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Archive for March, 2011

Anyone who knows me knows that I am a confirmed couch potato. Not that I am proud of that fact–I just seem to have a stubbornly sluggish physiology. I like the idea of exercise; it’s the ooze of sweat and the burn of lactic acid that turn me off. Add to that the fact that I am not good at sport—or movement, for that matter—and the reason for my inactivity should be apparent. With my obvious lack of basic coordination, I make orcs look graceful.

At my high school graduation, one of my happiest realisations was that I would NEVER again have to endure PE and its associated shames. What a joyous day that was! I was too tuckered out to burn my joggers, though, and leaping for joy was way too strenuous.

Now, many years (many, many years) later,  in my couch potato-ly wisdom, I focus on doing the things I’m good at. Like reading.

In my extensive reading I have discovered—to my consternation—that exercise actually has some desirable side-effects. Apparently, one of the benefits of exercise is a mood lift. I am highly sceptical about that one, because it is way beyond my powers of imagination to see how sweat and pain can improve your mood. However, diehard runners and cyclists I know assure me it is true! Go figure.

Scientists point to brain chemicals to explain this phenomenon. Exercise causes the pituitary gland to trigger the release of powerful chemicals called endorphins, the body’s natural pain killer. Their release results in a rush of pleasure, commonly known as a “runner’s high.” I also discovered in my reading that this endorphin release happens only AFTER thirty (that’s 3-0) minutes of strenuous exercise, which probably explains why I’ve never experienced it.

Regular exercise, according to one source, is so good for mood enhancement that some researchers are claiming it is as useful as anti-depressant medication in the treatment of depression in laboratory conditions. Many doctors prescribe both—medication and exercise together. Neuro-researchers are studying the little understood side effect of exercise called neurogenesis and its positive effects on the depressed brain. Amazingly, aerobic exercise actually triggers the growth of new nerve cells called neurons and enhances their connectivity. (So, begging your pardon for my gross oversimplification: Exercise makes important parts of your brain grow denser and function better!)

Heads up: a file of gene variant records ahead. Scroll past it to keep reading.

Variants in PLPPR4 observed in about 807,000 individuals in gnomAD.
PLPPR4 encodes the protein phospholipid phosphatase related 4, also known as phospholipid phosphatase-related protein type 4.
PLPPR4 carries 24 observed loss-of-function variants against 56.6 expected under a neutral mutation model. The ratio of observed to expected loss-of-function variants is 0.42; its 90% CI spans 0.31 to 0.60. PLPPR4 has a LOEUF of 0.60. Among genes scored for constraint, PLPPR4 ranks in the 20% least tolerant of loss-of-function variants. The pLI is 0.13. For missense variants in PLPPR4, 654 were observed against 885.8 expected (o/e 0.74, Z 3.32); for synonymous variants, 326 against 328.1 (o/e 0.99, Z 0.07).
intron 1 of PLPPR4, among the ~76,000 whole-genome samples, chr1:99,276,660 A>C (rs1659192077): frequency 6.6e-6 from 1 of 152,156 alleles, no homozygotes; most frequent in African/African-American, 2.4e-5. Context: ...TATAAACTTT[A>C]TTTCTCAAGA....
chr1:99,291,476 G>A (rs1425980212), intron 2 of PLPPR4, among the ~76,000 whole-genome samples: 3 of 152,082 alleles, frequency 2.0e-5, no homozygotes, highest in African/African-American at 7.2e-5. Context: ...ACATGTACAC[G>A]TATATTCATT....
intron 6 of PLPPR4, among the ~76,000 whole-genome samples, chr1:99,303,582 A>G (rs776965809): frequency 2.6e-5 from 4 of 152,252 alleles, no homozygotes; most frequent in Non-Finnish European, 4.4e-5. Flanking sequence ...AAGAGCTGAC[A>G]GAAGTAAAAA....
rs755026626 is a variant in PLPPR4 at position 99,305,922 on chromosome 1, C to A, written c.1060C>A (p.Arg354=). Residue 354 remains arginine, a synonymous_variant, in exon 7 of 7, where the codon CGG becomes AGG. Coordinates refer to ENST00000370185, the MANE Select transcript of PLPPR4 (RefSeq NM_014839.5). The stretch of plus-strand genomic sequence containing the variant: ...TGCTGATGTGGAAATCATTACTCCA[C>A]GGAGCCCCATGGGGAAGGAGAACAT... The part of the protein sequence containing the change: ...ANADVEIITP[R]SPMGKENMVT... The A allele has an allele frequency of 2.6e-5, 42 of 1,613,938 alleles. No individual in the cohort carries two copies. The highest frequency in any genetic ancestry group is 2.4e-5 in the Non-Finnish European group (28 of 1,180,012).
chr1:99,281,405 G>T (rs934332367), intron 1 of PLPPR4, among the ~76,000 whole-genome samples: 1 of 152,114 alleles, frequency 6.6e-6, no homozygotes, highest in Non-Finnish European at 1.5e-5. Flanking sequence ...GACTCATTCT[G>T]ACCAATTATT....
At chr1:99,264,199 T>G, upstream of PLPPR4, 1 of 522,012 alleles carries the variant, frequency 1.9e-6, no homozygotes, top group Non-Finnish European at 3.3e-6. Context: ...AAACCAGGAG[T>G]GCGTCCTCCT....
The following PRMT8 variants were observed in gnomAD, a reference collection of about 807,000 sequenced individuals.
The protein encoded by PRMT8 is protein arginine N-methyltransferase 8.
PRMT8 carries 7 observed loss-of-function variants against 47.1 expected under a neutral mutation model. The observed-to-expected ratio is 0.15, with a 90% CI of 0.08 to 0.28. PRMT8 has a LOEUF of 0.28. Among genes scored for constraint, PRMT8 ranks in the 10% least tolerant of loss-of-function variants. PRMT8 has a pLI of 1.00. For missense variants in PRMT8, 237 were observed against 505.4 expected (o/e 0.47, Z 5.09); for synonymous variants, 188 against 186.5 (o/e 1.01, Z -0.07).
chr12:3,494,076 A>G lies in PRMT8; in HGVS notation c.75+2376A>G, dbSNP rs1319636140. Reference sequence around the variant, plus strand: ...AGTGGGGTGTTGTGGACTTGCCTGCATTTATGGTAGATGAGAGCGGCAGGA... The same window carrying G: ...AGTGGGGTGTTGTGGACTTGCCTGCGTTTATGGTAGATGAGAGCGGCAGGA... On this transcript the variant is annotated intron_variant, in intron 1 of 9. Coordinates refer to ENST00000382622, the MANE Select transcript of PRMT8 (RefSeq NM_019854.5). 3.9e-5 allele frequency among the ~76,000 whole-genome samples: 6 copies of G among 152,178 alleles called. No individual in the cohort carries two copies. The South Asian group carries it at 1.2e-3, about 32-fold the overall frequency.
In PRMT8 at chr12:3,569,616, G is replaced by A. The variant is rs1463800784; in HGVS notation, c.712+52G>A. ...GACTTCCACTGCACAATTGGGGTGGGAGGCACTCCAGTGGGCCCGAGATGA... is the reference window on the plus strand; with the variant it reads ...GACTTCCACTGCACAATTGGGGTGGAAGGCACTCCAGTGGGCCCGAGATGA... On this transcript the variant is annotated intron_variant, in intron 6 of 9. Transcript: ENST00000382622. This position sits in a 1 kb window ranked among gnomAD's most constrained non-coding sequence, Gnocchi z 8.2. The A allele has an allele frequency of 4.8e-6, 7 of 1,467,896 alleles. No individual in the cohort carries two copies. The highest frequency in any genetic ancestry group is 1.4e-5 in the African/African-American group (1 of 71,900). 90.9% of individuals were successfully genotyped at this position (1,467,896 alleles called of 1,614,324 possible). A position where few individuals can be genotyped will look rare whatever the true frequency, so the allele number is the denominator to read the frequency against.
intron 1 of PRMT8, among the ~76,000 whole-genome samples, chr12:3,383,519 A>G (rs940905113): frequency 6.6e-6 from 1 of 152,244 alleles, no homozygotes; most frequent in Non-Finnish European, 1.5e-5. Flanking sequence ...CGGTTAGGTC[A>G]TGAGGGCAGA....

Here’s the real kicker: the effects of exercise are shown to improve learning and memory in laboratory conditions. We’re talking rats—in little Lycra gym suits and itty-bitty sweat bands. Compared to the couch-potato rats, the gym-junky rats learn better, perform better, and have denser brain tissue. And they’re not cranky or morose either—at least not until they lose their enhanced brains and active lifestyle to the scalpel! Scientists are not suggesting that working out will create geniuses (so put down that barbell, Einstein!) Unfortunately, the accelerated learning plateaus in the exercising lab rats.

The benefits of exercise are not limited to adults. Children’s learning can be enhanced as fine and gross motor skills are developed through play and physical activity. Kids who are fit generally experience better health and higher self-esteem than their unfit peers. Social skills and team work are picked up on the playing field and the playground. At a time in history when teenagers are more sedentary than ever before, the moodiness of today’s teens is legendary. It doesn’t take a scientist to see a crucial link between their lack of activity and adolescent irritability.

Even a confirmed couch potato like me has to concede that the benefits of exercise, sharper memory and better mood , are well worth the sweat. You might not be able to exercise your way to brilliance, but you can definitely exercise yourself happy!

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